Today’s audience enjoyed a great workshop today presented by Carisa Perry-Parrish, Ph.D, who returned to the FCP Professional Workshop Series by popular request.
“Adolescent Emotional and Social Development: Sadness Regulation and Peer Acceptance,” had three objectives:
1. Identify normative emotional and social changes typical of adolescence.
2. Understand evidence-based prevalence of increased emotional difficulties.
3. Become familiar with evidence based approaches to address adolescent difficulties with sadness regulation and interpersonal vulnerabilities.
Dr. Parrish met these objectives through a dynamic presentation of research, treatment examples from her practice, and a great sense of humor. Throughout the workshop, she provided research data and research citations, along with amusing anecdotal examples from her practice at Hopkins. I expect that the data was painless, even for statistics-phobic participants. The 3 hours went by quickly.
The first half of the workshop focused on helping the participants understand emotion regulation and its association with mental health to meet her first two objectives. Her description of emotions included the basic characteristics that we all expect (anger, fear, happiness, sadness, disgust, love) and the purpose these emotions serve.
Dr. Parrish provided her favorite description of the “Functionalist approach to emotions”: “Emotion regulation consists of the extrinsic and intrinsic processes responsible for monitoring, evaluating, and modifying emotional reactions, especially their intensive and temporal features, to accomplish one’s goals” (Thompson, 1994). Dr. Parrish emphasized that emotions both regulate behavior and cognition, and emotions can be regulated by behavior and cognition.
Dr. Parrish also provided a definition of “Emotion Dysregulation” and the impact on the mental health of the child: “Dysregulation is responsible for the disruption of the smoothness of ongoing stream of social interactions, reciprocity, and cooperation” (Whalen & Henker, 1992).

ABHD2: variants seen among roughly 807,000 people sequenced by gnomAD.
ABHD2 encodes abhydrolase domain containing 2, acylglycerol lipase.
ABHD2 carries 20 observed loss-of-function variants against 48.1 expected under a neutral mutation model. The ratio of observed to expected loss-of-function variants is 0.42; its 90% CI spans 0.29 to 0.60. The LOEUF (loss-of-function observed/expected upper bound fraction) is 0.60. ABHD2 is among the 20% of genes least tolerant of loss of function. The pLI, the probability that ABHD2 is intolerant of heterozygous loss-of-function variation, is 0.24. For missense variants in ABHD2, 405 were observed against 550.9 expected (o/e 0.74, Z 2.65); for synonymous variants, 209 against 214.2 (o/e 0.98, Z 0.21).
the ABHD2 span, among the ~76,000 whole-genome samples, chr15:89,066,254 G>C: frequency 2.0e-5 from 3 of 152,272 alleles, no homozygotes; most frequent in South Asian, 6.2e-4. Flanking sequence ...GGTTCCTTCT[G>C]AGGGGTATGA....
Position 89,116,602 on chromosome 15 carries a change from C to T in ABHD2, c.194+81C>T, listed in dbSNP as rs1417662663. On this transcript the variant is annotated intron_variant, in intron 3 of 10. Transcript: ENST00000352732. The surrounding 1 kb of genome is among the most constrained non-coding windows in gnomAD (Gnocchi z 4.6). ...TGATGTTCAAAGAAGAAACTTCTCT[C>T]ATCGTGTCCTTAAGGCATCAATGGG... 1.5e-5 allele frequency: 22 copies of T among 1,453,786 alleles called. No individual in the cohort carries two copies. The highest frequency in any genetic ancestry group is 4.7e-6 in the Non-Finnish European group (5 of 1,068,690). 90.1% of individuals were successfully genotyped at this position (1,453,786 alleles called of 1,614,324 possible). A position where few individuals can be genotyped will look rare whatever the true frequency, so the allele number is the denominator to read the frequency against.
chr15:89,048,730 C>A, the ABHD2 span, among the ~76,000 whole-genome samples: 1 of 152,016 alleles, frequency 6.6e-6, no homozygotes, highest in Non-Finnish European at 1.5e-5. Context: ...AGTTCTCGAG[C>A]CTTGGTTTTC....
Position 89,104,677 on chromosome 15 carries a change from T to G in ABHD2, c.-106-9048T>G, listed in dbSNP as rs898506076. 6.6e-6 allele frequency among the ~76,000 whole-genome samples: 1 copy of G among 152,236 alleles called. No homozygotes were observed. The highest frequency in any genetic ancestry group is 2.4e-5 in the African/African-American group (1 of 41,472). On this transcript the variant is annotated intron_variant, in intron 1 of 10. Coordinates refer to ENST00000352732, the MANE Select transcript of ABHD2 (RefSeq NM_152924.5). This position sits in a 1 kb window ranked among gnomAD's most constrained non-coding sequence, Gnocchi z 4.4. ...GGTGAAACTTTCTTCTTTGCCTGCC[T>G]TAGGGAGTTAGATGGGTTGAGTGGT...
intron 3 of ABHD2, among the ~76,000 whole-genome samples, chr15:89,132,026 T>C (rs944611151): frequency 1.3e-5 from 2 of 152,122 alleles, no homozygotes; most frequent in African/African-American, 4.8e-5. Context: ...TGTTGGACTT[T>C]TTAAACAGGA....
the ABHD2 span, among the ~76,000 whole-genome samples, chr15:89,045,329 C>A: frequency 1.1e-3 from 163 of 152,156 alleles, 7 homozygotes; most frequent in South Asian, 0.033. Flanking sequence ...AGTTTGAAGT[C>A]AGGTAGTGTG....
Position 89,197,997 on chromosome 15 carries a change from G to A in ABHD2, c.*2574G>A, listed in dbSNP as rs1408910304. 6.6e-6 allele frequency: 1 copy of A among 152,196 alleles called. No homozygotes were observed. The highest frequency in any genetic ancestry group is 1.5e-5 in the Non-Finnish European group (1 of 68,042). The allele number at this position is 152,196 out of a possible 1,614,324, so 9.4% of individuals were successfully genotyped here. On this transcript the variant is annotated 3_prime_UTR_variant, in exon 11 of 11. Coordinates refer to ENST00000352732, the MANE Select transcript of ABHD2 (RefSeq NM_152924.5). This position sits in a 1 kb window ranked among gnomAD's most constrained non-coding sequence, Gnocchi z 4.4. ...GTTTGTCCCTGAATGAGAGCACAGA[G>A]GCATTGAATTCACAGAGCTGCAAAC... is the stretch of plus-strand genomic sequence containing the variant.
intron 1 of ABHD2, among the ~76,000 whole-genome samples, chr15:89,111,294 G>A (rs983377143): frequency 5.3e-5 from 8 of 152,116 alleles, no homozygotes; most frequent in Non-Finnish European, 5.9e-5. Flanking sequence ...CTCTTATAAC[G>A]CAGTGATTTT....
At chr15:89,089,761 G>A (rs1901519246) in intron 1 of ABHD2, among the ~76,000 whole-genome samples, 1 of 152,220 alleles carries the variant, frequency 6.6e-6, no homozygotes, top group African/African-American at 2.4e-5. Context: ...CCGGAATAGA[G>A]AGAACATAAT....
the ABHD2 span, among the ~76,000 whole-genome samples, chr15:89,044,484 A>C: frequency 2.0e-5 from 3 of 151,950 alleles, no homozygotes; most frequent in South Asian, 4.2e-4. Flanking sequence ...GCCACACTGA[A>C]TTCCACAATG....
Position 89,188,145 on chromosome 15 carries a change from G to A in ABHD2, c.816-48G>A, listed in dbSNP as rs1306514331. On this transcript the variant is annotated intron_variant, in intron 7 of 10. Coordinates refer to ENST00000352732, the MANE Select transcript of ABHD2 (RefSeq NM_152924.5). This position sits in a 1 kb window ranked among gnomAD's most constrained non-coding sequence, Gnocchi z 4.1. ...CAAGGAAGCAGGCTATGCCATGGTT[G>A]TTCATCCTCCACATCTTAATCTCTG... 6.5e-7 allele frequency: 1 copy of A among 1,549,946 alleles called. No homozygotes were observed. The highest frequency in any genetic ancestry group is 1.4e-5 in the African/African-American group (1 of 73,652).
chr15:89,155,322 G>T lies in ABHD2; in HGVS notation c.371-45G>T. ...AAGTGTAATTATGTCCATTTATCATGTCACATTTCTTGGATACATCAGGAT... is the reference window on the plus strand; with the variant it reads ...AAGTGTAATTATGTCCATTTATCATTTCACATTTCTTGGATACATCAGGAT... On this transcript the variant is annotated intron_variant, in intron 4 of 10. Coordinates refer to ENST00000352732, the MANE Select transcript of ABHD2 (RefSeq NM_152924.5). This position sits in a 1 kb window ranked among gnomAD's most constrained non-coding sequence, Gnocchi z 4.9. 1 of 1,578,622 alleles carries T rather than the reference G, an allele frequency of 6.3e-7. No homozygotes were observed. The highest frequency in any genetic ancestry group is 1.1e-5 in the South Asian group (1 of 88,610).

She pointed out that the effects of chronic “Emotion Dysregulation” can impact medical/physical, cognitive and emotional development of the adolescent. Dr. Parrish provided many examples of the lasting impact of chronic “Emotion Dysregulation” on social development and the need for treatment for this disorder.
Dr. Parrish achieved her third objective by presenting the essence of several evidence based treatment techniques to address interpersonal difficulties of adolescents with a special focus on sadness regulation. These included: Behavioral Parent Management Training (PMT) and Cognitive-Behavioral Therapy (CBT). Once again, she talked about the evolution of these treatment approaches, leading to the “Third Wave” of empirically based treatment for maladaptive behavior. The “Third Wave” begins the inclusion of “Emotion Regulation” and “Mindfulness” as part of the treatment.
As in her previous workshop, the presentation by Dr. Parrish was characterized by relaxed competence, which created an environment with no tension for the audience. As usual, I was a little concerned when Dr. Parrish offered open questions from the participants throughout the presentation, instead of waiting until the end. There were 43 pages of slides to present in 3 hours! I was worried that she would not be able to present the “practice” part of the “Scientist-Practitioner” model of treatment. Dr. Parrish was able to provide an overview of evidence based practice for this topic. Once again, clearly she knew her “stuff” and was comfortable responding to questions throughout the workshop.
Typically, during all FCP workshops, I listen to the presenter, and observe the audience reaction with two parts of my brain. One part is absorbing the workshop material, and the other part is taking notes for the Blog. During this workshop, I was having so much fun listening and learning I occasionally forgot to take notes for the Blog. The reaction of the professional audience was very positive during the break and throughout today’s workshop. This was another very satisfying presentation. Thank you, again, Dr. Parrish.